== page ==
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Catholic World News News Feature

Archbishop urges calm as gay marriages begin May 14, 2004

Archbishop Sean O'Malley of Boston, in a statement released yesterday, appeared to anticipate violence by those opposed to the onset on Monday of gay marriages in Massachusetts.

The archbishop called on Catholics to avoid "anger against or vilification of people, especially our homosexual brothers and sisters." He said that the reality of same-sex marriages in Massachusetts filled him with "deep sadness," but that the Church remains committed to the truth that marriage is the union of one man and one woman.

"The creation of a right to same-sex marriage in the end will not strengthen the institution of marriage within our society but only weaken it as marriage becomes only one lifestyle choice among many others," he added.

Still, the archbishop warned, while Catholics are not required to endorse every opinion or behavior, "charity must mark us as a people of God and inform our actions."

The prelate's comments came the day an open letter also calling for restraint from violence was released by a group of about 100 Catholics, including members of the Boston Priests Forum and some who had opposed the Church's stance on gay marriage. Some pro-marriage activists said on Thursday they resented the implication that they are prone to violence, and compared it to the implicit assumption that pro-life activists-- most of whom are peaceful and prayerful demonstrators-- are also implicitly susceptible to hateful action. One Boston Catholic supporter of traditional marriage said he took offense at being "smeared by my own side."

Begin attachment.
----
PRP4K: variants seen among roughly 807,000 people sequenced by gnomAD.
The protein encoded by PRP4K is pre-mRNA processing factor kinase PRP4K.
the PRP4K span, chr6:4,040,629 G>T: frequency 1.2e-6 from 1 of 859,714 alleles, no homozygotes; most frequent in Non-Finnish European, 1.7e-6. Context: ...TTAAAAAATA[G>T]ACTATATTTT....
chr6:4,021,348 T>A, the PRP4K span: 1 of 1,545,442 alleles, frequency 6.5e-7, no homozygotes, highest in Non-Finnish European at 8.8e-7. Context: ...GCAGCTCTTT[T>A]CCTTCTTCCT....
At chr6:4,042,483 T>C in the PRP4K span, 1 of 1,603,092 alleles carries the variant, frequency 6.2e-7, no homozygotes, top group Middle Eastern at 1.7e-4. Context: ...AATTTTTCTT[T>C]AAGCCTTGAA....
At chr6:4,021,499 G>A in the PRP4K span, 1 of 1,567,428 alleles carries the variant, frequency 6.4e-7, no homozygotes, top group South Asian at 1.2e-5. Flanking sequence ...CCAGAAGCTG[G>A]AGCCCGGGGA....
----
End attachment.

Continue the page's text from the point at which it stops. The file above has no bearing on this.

Those who oppose the Church's teachings on marriage welcomed the archbishop's statement. "I think it's terrific that Archbishop O'Malley added his voice to ... calls for calm," said Marianne Duddy, spokesman for the pro-homosexual group Dignity Boston. Some, however, criticized his continuing support for the truth as handed on by the Church. Rabbi Devon Lerner, co-director of Religious Coalition for the Freedom to Marry, told the Boston Herald , "We're sad and disappointed that the Catholic hierarchy and O'Malley are continuing their attempts to impose their particular religious definition of marriage on others. Their truth is not the truth of many clergy in other faith traditions."

While Massachusetts cities and towns brace for violence protests, spurred on by the warnings of pro-gay marriage activists, leaders of groups opposing gay marriage said that any protests would continue to be peaceful, just as they have been all along in the Massachusetts debate over the issue.

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